Page last updated at 2015-01-28 08:01:20 RSS
Vanishing Act
LPG cylinder shortage

The continuing shortage of LPG cylinders in Nepali markets is a great mystery that has so far evaded easy answers. Nepal Oil Corporation (NOC), the oil monopoly, says it has recently increased daily import of LPG cylinders, up from 40,000 a month ago to 70,000 today. The estimated daily national demand is around 56,000 cylinders. So where are the 14,000 missing cylinders? There could be several ways to explain this shortfall.

The Barauni refueling plant of Indian Oil Corporation, which supplies 70 percent of LPG used in Nepal, was closed for repairs for a fortnight earlier this month. This created an acute shortage in the market. But it’s been nearly three weeks since supplies from Barauni resumed, and yet there is an acute shortage of LPG. It would be easy to infer from this that LPG traders are creating artificial shortage by hoarding cylinders, which, according to anecdotal evidence, they have been selling at up to double the going rate of Rs 1,500 for a cylinder. But, interestingly, government market monitors have found that artificial hoarding has played ‘minimal’ role in the current shortage.
Missing Skepticism
Trailokya Raj Aryal
Nepali diplomacy

The tragedy of Nepali diplomacy is that it lacks healthy skepticism vis-à-vis neighbors. We seem to have forgotten the fact that all nations, including our neighbors are driven by their own national interests and that we need to critically analyze their overtures in the context of our national interests. We have failed to question, let alone answer, the reasons behind the newfound Chinese interests in Nepal. Naively, we have swallowed all the diplomatic rhetoric.

The analysts and specialists, for the reasons only known to them, are portraying China as a benign power and a concerned neighbor that wants nothing but economic growth and political stability in Nepal. Not dissimilar to this view is that it wants to portray itself as a reliable development partner to thwart anti-China (read, Free Tibet) activities emanating from Nepali soil. Then there are some who are optimistic about China making us a bridge to connect itself with India which will transform us without exactly explaining how. And we all went gaga when China announced to increase its development aid to us and we are included in its proposed New Silk Road initiative. To summarize, we are led to believe mistakenly that China wants us developed and that its only security concern is the probable rise of Free Tibet activities in Nepal. Let us not kid ourselves: The Chinese state is not that concerned with Free-Tibet activities emanating from Nepal and its reasons for appearing too friendly toward its impoverished neighbor has other security/strategic concerns.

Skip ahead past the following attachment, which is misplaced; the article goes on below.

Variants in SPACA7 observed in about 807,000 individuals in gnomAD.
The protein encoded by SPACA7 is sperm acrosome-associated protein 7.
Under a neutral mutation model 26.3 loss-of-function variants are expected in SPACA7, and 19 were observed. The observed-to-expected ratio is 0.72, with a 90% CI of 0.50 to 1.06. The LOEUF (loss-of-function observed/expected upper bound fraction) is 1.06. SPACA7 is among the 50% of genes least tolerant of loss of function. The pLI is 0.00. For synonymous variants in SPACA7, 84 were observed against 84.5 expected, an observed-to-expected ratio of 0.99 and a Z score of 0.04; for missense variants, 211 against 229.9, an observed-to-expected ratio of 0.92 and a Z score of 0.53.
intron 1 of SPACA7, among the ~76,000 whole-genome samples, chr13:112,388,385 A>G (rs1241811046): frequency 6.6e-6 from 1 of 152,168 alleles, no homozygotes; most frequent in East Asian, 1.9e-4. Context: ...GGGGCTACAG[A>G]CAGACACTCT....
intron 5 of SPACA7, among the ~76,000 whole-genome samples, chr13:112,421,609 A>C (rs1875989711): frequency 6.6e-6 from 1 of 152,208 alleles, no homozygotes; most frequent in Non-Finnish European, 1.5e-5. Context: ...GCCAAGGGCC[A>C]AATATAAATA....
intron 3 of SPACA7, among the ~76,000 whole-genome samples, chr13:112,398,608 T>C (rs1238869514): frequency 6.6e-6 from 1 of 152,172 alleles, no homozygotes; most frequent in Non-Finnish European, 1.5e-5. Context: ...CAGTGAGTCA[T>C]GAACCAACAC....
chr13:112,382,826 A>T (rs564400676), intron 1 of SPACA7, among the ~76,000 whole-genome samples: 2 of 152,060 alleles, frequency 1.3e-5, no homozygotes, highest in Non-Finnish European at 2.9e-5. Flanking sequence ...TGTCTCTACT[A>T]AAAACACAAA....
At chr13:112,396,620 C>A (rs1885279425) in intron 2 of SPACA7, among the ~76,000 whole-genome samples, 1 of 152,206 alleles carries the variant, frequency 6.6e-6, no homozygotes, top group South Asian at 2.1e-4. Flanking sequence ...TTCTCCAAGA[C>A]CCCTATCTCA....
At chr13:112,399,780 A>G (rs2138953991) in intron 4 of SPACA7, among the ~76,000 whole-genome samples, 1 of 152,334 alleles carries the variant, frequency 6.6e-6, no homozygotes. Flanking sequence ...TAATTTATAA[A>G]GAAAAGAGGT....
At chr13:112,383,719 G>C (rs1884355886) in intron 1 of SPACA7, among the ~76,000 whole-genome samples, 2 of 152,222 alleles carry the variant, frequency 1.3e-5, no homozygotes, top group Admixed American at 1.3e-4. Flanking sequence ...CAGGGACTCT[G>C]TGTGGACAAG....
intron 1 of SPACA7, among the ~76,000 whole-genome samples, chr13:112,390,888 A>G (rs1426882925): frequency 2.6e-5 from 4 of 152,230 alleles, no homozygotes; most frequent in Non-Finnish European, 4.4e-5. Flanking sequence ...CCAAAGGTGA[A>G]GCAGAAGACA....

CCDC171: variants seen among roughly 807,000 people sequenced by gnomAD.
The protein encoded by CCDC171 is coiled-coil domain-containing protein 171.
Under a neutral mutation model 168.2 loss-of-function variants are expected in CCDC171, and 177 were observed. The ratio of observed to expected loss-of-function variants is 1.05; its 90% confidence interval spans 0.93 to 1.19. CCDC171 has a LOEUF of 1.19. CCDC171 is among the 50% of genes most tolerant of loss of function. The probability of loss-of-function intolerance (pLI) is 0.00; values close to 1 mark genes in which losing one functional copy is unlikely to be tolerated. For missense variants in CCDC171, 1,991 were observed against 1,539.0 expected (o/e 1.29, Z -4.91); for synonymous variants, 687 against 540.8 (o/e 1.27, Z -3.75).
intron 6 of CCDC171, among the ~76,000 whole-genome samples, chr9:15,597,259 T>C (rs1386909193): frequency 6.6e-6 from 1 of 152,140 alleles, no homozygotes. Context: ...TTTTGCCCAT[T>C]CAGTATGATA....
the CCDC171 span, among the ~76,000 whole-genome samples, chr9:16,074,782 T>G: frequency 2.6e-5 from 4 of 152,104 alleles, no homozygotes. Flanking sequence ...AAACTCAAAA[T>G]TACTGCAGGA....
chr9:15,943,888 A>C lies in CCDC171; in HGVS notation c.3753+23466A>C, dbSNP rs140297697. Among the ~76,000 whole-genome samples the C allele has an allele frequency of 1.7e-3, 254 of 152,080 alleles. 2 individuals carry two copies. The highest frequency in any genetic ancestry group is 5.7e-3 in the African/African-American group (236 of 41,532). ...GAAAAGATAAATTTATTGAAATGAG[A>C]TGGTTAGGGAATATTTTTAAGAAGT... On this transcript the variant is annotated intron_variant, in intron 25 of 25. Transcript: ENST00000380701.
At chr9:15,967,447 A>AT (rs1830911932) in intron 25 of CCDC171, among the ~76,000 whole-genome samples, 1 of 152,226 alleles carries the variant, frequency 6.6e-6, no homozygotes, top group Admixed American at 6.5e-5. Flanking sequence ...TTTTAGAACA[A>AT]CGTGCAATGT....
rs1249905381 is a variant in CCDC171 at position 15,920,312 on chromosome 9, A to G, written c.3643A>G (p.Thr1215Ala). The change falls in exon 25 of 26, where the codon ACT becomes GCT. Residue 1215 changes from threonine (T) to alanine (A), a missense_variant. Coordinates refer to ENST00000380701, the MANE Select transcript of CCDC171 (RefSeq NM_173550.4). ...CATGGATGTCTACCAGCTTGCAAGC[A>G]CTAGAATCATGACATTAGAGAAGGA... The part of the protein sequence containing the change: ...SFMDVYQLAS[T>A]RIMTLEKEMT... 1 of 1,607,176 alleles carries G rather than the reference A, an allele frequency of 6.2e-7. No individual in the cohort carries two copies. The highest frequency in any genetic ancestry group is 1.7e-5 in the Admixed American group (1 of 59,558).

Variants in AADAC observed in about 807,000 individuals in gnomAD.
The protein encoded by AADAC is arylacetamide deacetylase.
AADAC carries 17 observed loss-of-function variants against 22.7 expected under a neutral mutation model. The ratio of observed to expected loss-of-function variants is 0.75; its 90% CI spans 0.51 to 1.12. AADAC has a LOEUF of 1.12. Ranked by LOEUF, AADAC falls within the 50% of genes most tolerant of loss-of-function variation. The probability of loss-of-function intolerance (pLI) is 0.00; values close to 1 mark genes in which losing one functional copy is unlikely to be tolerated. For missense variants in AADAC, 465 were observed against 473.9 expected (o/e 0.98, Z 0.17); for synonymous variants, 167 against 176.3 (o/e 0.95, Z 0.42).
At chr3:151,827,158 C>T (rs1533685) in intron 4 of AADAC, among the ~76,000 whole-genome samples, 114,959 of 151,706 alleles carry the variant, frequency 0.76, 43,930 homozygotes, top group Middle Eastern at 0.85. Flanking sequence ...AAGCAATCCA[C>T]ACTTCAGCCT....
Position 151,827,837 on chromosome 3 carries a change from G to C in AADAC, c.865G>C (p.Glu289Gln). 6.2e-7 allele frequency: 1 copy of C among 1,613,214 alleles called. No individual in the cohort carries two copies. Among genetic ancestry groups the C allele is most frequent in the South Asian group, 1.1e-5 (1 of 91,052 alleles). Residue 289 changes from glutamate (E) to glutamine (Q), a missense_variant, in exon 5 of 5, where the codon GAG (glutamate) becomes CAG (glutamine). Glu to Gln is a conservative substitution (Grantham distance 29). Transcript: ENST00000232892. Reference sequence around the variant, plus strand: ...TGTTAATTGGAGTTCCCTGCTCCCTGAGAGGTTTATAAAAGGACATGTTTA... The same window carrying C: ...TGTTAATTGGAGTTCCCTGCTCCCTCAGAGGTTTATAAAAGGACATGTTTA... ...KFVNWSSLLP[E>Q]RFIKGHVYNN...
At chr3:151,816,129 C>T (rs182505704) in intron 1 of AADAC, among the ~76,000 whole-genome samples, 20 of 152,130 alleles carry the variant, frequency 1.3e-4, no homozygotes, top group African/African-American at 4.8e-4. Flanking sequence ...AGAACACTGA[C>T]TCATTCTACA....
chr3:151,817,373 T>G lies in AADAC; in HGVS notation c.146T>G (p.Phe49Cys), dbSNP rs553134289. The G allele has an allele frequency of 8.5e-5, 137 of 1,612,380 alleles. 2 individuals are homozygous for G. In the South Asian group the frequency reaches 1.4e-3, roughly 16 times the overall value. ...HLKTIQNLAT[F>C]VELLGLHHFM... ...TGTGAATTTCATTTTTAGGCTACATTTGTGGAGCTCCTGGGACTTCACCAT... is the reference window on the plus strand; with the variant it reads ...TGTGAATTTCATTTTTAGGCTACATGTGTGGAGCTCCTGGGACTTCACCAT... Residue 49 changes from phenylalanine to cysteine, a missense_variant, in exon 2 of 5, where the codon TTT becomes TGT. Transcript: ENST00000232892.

Long Wait
Shambhu Ram Simkhada
The madness witnessed in the Constituent Assembly (CA) is one more episode of the tragic drama of Nepali national self-annihilation, the seeds of which were planted long ago.

Seen outside are only symptoms, the real problem goes deeper. Naturally, prescription without proper diagnosis and prognosis cannot cure the disease. So, one CA fails, you elect another one and it too suffers from the same ailment.
Road To Constitution
Prakash Bhattarai
As feared by a large segment of people, the second Constituent Assembly (CA) also failed to deliver the constitution within the parties’ self-imposed deadline of January 22. This article is an attempt to present some of the broader reasons behind the failure of the CA for delivering a constitution and provide some solutions, which political leaders and other concerned stakeholders may consider as a future roadmap for writing a constitution with best possible consensus.

Key political leaders could not demonstrate enough individual as well as institutional capability to find negotiated solutions to the unresolved issues relating to the constitution-making process. All conditions were favorable for the political leaders yet they failed chiefly because of their own inability and partly because of other factors, such as inter-party and intra-party political rifts. They were incapable of sequencing the negotiation process as well as adequately engaging in simultaneous negotiations.
Infographics: Women In Agriculture
Women are the backbone of the rural economy, especially in the developing world. Yet they receive only a fraction of the land, credit, inputs (such as improved seeds and fertilizers), agricultural training and information compared to men. Women, on average, comprise 43 percent of the agricultural labor force in developing countries and account for an estimated two-thirds of the world’s 600 million poor livestock keepers. Here are some infographic details
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  • The new Right
  • Black day
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